G7 statement strikes softer tone on Somaliland-Ethiopia MoU

Secretary of State Antony Blinken led the US delegation in Naples for the G7 summit (Image: Getty)
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The recent developments at the G7 have stirred controversy and potentially undermined efforts to combat Houthi terrorism threatening crucial shipping lanes in the Red Sea. Sources reveal that the US delegation, led by Secretary of State Antony Blinken, unsuccessfully pushed for a communique pressingly condemning a memorandum of understanding (MoU) between Somaliland and Ethiopia.

Despite Somaliland’s successful establishment as an independent democracy since 1991, the G7’s strong stance supporting Somalia’s claims over Somaliland in the MoU has dealt a significant blow to the former British protectorate. This setback follows earlier indications from British officials hinting at the UK’s potential recognition of Somaliland, given its strategic significance at the entrance to the Red Sea, with the major port of Berbera.

The G7 communique, issued during a meeting of foreign ministers in Naples struck a softer tone, but raised concerns among officials, tying the UK to the contentious issue. The statement urges dialogue between Ethiopia, Somalia, and Somaliland to prevent further escalation, but critics argue it interferes with sovereign decisions.

This diplomatic tension highlights broader geopolitical complexities, including military efforts against Houthi insurgents in the Red Sea. Some attribute the US’s stance to past support for Somalia’s claims during Barack Obama’s presidency, while others suggest influence from US Congresswoman Ilhan Omar’s advocacy against Somaliland recognition.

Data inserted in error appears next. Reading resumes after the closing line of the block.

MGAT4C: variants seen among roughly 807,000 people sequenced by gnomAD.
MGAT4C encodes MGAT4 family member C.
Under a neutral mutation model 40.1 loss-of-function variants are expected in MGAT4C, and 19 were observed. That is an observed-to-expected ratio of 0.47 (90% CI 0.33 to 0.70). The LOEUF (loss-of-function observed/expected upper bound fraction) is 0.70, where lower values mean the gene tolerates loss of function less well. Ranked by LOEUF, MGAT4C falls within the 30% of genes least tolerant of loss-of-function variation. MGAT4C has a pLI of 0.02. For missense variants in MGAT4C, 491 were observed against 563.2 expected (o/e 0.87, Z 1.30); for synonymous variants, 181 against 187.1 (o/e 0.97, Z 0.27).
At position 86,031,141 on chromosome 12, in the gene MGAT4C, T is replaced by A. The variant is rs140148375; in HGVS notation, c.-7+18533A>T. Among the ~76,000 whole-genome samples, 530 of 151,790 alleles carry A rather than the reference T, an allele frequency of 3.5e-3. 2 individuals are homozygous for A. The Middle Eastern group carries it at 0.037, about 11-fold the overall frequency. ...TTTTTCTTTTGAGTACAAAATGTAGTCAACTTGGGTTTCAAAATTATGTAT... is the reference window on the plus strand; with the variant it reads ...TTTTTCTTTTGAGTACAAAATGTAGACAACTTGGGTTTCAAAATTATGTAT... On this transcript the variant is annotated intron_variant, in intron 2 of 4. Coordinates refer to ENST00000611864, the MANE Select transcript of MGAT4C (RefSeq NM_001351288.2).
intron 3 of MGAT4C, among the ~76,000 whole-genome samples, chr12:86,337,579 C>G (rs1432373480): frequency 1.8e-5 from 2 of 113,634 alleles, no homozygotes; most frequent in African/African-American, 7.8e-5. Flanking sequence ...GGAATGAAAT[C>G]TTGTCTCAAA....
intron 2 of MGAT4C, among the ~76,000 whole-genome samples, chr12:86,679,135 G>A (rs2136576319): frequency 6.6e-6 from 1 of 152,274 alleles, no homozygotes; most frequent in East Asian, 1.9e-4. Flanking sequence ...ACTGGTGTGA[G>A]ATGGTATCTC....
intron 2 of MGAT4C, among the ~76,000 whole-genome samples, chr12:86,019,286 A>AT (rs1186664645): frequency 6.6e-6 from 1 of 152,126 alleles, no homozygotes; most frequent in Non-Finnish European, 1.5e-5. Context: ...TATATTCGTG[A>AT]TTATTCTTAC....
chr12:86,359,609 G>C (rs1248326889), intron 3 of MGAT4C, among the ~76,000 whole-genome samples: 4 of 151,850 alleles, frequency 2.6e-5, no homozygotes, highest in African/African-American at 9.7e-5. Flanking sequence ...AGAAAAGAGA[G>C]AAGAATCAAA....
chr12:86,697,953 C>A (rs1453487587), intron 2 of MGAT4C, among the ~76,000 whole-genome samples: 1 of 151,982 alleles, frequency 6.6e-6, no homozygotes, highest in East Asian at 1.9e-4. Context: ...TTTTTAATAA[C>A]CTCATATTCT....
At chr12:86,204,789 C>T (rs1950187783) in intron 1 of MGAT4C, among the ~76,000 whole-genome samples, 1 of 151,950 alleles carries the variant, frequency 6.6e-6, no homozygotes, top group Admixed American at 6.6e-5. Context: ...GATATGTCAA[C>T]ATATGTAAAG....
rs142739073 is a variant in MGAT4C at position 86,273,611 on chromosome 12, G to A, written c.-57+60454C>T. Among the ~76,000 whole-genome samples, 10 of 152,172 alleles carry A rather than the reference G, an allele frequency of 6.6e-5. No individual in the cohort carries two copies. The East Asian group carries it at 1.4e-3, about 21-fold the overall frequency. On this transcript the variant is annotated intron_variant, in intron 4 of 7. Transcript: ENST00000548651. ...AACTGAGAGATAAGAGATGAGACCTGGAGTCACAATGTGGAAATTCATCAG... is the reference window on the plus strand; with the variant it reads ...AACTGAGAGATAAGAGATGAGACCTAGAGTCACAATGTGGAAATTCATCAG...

Meanwhile, British MPs’ recent visit to Somaliland garnered support for the unrecognized state, praised as a beacon of democracy in the region. Conservative MP Alexander Stafford condemned the G7’s intervention, emphasizing the need for respect for sovereign decisions.

Former UK Defense Secretary Gavin Williamson, a key advocate for Somaliland recognition, criticized the G7’s stance, calling for a departure from failed policies and a recognition of Somaliland’s democratic achievements.

Amidst these diplomatic tensions, the contrast between Somalia’s instability and Somaliland’s democratic progress is starkly evident. While Somaliland prepares for upcoming elections, Somalia continues to grapple with governance challenges, emphasizing the divergent paths of the two entities.

Despite the mixed reactions in Somaliland, the government of Somalia has welcomed the G7 communique, further exacerbating tensions between the two entities.

The roots of this international dispute trace back to Somaliland’s quest for independence in 1991, following years of persecution and ethnic tensions within the union with Somalia. With its strategic location and vital port facilities, Somaliland’s recognition holds significance in addressing regional security challenges, including Houthi threats to shipping lanes.

However, Ethiopia’s possible recognition of Somaliland, driven by its need for port access, has sparked diplomatic tensions with Somalia. While Western countries await African leadership on Somaliland recognition, Ethiopia’s decision was expected to catalyze a shift in attitudes.

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